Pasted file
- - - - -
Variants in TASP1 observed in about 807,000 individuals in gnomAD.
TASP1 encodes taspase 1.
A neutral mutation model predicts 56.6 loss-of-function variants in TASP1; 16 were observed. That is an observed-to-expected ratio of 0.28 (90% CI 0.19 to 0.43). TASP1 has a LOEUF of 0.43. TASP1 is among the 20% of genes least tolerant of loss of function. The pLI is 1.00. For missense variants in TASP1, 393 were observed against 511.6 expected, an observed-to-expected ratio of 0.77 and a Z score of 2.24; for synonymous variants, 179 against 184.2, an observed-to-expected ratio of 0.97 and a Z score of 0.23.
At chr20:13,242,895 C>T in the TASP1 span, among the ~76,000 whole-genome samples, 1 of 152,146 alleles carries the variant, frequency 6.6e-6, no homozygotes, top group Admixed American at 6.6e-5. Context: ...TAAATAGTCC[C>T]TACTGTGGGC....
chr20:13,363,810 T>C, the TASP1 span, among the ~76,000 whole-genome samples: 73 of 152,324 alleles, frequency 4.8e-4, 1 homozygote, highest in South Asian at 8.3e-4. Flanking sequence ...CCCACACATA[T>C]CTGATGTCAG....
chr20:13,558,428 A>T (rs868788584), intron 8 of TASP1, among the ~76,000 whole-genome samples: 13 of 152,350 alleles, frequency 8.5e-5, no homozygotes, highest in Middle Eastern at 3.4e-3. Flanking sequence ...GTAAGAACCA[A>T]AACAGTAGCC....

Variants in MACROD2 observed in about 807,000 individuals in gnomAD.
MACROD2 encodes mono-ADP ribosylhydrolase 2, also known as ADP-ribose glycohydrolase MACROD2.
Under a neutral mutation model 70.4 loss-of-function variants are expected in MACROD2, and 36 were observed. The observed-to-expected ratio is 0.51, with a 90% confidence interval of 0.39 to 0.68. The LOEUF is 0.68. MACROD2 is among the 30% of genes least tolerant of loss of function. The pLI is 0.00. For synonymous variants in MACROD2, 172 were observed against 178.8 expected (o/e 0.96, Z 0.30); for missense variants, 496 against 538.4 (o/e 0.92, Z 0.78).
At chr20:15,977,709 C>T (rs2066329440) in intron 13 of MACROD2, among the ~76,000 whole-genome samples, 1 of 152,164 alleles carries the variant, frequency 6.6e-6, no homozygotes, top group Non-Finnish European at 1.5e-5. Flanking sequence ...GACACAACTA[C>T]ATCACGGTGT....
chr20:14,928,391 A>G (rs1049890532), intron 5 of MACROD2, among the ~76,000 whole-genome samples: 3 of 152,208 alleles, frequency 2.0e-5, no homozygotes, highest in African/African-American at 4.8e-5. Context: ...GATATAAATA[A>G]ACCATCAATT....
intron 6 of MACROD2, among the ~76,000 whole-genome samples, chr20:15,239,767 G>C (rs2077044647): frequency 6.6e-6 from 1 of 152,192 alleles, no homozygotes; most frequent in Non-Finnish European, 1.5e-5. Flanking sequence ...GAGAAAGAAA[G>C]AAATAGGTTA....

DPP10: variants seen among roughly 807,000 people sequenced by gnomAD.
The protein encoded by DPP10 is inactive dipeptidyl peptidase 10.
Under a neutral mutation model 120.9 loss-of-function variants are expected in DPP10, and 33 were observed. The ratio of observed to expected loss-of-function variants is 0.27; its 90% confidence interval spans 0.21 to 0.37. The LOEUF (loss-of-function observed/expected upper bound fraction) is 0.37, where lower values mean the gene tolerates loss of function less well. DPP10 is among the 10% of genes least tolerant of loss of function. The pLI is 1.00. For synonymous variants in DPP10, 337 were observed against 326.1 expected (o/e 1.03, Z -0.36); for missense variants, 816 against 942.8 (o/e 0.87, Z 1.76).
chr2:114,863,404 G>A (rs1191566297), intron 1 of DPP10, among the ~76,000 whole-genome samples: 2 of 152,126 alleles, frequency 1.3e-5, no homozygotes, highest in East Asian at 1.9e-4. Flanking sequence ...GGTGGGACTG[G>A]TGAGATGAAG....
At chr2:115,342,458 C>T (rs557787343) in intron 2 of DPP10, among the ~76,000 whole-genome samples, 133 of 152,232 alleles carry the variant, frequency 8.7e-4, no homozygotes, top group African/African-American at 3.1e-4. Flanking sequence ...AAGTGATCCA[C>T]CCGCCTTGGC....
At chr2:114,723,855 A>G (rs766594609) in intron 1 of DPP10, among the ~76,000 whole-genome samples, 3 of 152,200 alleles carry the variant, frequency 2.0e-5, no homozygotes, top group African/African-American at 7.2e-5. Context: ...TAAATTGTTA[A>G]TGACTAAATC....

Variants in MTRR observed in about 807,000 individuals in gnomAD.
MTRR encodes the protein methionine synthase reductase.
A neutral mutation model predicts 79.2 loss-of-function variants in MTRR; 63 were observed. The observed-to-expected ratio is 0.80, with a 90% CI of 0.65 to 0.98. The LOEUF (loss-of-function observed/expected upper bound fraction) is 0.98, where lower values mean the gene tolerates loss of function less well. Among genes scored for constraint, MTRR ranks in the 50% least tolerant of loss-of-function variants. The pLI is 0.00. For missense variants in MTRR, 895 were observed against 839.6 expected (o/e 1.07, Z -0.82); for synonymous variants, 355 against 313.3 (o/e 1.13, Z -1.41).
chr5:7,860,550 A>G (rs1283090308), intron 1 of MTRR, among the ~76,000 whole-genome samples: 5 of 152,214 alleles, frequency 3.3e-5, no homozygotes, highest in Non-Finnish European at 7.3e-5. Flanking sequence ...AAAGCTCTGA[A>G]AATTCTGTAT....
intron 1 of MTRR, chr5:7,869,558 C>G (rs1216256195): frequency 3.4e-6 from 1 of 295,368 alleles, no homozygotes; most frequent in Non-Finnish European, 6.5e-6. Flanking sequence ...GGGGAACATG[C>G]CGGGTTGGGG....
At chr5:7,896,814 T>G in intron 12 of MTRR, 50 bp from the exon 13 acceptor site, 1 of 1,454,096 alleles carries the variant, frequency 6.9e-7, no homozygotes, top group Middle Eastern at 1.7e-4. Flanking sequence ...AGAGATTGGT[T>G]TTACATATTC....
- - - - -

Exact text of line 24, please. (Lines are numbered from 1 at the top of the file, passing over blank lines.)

At chr5:7,896,814 T>G in intron 12 of MTRR, 50 bp from the exon 13 acceptor site, 1 of 1,454,096 alleles carries the variant, frequency 6.9e-7, no homozygotes, top group Middle Eastern at 1.7e-4. Flanking sequence ...AGAGATTGGT[T>G]TTACATATTC....